The Parallel Parliament

by Glen Pearson

Category: Non-partisanship

Payette Speech Should Spark Serious Reflection

Read this post in its original London Free Press format here.

Her speech was bound to raise the ire of many, but when Governor General Julie Payette spoke to the respected Canadian Science Policy Centre convention two weeks ago it’s likely she was unaware of the response it would generate. Yet, she’s been dealing with it ever since.

Before proceeding further, I should declare that I had penned a National Newswatch article following her appointment that praised Payette’s selection, revelled in her life of remarkable accomplishments, and concluded that she was, indeed, a woman of her times. I should also state that I’m a person of religious faith who rejoices in her scientific advancements. Yet, after viewing her speech a number of times, I grew to understand how she got into some hot water.

It was likely the seemingly mocking tone in her words that set some off, as when she noted, “We are still debating and still questioning whether life was a divine intervention or whether it was coming out of a natural process, let alone, oh my goodness, a random process.” I don’t suppose her eye roll helped matters.

Almost immediately the Internet and traditional media sources were fired up with opinions, pro and con, that soon enough descended to personal attacks regarding this remarkable woman. Regardless of which side of this issue people land on, there are some things that should prompt serious reflection. Let’s consider some of the context of the Canada Payette represents.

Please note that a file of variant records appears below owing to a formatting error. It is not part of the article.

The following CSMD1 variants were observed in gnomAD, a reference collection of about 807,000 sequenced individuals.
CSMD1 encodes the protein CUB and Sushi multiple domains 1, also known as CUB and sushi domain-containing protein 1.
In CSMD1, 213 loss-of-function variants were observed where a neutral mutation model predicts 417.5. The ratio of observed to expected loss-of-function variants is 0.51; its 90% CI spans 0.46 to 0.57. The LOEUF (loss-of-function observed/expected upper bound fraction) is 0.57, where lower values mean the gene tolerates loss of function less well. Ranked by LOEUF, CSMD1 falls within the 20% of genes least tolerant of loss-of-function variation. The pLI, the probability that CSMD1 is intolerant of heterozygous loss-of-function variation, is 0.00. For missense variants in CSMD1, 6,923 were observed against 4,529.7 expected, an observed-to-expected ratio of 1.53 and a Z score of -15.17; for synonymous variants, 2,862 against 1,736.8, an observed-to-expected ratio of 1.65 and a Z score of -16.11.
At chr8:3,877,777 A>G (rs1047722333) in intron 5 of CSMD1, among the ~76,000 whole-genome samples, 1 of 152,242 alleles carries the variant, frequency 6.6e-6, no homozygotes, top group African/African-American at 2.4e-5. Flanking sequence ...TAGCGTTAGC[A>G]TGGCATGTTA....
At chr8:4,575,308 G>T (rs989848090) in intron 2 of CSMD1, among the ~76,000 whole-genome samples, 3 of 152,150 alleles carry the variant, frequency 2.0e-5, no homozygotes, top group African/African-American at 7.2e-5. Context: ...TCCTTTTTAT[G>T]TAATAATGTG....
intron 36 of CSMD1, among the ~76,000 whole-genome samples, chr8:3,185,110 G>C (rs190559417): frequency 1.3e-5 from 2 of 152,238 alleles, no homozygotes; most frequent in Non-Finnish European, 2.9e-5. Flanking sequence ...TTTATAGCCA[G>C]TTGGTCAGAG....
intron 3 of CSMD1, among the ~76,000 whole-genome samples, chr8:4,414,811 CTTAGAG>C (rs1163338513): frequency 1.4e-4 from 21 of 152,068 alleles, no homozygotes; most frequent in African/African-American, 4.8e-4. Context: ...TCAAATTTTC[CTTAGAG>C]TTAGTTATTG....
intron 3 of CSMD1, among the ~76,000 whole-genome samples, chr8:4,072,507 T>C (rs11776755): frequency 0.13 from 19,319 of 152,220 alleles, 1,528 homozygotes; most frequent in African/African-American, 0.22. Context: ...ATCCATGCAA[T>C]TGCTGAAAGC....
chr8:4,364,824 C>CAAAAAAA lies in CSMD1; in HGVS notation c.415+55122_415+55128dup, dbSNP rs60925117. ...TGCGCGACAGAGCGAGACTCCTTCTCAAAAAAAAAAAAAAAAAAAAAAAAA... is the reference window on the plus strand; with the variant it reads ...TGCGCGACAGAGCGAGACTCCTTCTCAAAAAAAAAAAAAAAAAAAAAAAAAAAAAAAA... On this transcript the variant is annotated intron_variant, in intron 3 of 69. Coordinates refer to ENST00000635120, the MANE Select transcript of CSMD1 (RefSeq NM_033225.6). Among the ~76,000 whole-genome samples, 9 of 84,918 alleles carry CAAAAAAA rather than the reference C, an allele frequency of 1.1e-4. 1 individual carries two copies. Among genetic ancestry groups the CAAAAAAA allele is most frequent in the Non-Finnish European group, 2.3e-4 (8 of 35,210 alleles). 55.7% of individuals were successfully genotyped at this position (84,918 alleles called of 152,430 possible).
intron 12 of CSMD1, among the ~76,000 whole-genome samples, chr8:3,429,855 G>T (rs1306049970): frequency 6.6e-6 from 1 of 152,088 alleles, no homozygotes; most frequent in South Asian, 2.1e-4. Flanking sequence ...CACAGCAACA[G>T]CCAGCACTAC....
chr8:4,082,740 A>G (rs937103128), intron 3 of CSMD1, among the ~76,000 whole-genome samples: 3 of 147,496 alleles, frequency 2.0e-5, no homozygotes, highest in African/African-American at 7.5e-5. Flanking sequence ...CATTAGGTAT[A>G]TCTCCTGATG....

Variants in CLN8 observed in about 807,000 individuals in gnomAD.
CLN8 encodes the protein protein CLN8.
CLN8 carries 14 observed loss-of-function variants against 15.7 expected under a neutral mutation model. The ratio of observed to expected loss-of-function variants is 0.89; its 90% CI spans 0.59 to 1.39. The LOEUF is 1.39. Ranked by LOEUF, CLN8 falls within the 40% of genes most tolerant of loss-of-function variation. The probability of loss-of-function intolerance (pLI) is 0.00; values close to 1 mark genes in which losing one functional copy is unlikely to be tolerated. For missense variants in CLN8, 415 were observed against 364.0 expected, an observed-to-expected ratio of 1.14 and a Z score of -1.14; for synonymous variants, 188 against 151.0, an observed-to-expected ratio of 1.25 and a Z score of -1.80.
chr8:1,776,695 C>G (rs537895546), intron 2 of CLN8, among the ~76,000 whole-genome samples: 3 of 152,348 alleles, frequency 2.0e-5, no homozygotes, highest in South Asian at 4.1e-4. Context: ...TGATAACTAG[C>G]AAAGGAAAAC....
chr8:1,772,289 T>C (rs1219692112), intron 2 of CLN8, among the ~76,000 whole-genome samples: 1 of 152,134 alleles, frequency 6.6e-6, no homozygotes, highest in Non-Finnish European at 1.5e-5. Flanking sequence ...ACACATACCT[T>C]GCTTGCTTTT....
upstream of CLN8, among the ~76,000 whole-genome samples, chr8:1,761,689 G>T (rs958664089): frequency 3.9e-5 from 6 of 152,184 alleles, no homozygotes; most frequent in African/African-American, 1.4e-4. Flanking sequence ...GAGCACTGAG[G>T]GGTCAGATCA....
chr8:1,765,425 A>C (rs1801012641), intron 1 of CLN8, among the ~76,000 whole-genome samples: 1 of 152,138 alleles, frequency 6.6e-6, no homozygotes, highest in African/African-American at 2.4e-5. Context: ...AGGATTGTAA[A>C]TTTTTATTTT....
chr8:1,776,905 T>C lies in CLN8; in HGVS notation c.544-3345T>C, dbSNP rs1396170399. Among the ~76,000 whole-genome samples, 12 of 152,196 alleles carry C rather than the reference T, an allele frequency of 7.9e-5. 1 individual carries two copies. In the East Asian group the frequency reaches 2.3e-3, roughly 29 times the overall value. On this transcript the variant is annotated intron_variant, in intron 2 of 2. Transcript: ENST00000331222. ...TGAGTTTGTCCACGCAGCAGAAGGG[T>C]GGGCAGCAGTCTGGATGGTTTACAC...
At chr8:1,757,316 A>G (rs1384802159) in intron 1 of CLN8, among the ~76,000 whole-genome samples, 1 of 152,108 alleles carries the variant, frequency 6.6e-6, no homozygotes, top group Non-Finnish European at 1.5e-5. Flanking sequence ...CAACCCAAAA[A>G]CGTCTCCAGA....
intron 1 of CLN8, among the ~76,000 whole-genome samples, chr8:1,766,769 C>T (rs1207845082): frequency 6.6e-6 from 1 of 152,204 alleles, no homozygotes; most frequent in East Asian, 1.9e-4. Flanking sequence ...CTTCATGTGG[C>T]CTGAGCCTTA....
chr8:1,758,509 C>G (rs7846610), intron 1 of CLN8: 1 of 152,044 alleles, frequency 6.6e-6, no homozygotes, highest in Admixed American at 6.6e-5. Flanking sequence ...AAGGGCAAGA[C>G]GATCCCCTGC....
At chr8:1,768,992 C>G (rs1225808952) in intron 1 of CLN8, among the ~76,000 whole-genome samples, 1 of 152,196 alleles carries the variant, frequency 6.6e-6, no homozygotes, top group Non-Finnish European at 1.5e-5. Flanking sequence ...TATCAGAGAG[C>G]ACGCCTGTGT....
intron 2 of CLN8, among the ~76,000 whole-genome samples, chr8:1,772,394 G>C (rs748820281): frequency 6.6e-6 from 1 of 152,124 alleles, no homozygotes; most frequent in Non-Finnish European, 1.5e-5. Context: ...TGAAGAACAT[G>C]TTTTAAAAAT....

According to a 2015 Angus Reid poll, two-thirds of Canadians believe in God, with some 53% maintaining that, “God is active in the world.” To describe these millions as deluded and ignorant is perhaps one of the most un-Canadian things we can do. And what of the refugees and immigrants who have come to this land in recent times, the majority of whom cherish a deep and abiding faith that saw them through some of the most horrendous events we can imagine? First Nations spirituality remains one of the most powerful and respected forces in Canada – a set of beliefs that has assisted them in enduring the isolation they have known for centuries. Are we implying that they just don’t get it? Because if we are, I’m not sure our current variety of secular liberalism has turned us into those “kind” and “tolerant” Canadians the world respects. All this isn’t taking into account the many scientists, health professionals and researchers who see their personal religious faith as one of the “drivers” for their desire to better humanity.